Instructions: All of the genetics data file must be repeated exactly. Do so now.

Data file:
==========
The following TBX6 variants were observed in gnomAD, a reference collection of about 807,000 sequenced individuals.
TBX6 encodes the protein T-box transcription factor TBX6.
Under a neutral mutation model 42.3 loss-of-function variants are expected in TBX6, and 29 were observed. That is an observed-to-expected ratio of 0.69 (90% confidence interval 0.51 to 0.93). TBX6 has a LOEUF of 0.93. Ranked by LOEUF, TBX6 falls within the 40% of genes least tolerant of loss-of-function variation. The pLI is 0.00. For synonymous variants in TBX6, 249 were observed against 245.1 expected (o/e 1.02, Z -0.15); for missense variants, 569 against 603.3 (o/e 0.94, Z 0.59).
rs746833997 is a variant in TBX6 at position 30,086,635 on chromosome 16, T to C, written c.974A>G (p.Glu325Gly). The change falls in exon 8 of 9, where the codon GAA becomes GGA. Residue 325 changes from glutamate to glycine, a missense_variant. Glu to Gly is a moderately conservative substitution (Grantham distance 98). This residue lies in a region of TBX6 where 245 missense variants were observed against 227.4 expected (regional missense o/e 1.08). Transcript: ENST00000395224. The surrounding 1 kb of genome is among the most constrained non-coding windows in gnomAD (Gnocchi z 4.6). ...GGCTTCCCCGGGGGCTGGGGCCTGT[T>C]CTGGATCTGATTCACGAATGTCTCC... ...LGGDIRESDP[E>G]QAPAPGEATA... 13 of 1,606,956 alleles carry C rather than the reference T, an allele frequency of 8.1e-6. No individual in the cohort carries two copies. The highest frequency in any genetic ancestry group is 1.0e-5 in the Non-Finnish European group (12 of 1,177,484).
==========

The following TBX6 variants were observed in gnomAD, a reference collection of about 807,000 sequenced individuals.
TBX6 encodes the protein T-box transcription factor TBX6.
Under a neutral mutation model 42.3 loss-of-function variants are expected in TBX6, and 29 were observed. That is an observed-to-expected ratio of 0.69 (90% confidence interval 0.51 to 0.93). TBX6 has a LOEUF of 0.93. Ranked by LOEUF, TBX6 falls within the 40% of genes least tolerant of loss-of-function variation. The pLI is 0.00. For synonymous variants in TBX6, 249 were observed against 245.1 expected (o/e 1.02, Z -0.15); for missense variants, 569 against 603.3 (o/e 0.94, Z 0.59).
rs746833997 is a variant in TBX6 at position 30,086,635 on chromosome 16, T to C, written c.974A>G (p.Glu325Gly). The change falls in exon 8 of 9, where the codon GAA becomes GGA. Residue 325 changes from glutamate to glycine, a missense_variant. Glu to Gly is a moderately conservative substitution (Grantham distance 98). This residue lies in a region of TBX6 where 245 missense variants were observed against 227.4 expected (regional missense o/e 1.08). Transcript: ENST00000395224. The surrounding 1 kb of genome is among the most constrained non-coding windows in gnomAD (Gnocchi z 4.6). ...GGCTTCCCCGGGGGCTGGGGCCTGT[T>C]CTGGATCTGATTCACGAATGTCTCC... ...LGGDIRESDP[E>G]QAPAPGEATA... 13 of 1,606,956 alleles carry C rather than the reference T, an allele frequency of 8.1e-6. No individual in the cohort carries two copies. The highest frequency in any genetic ancestry group is 1.0e-5 in the Non-Finnish European group (12 of 1,177,484).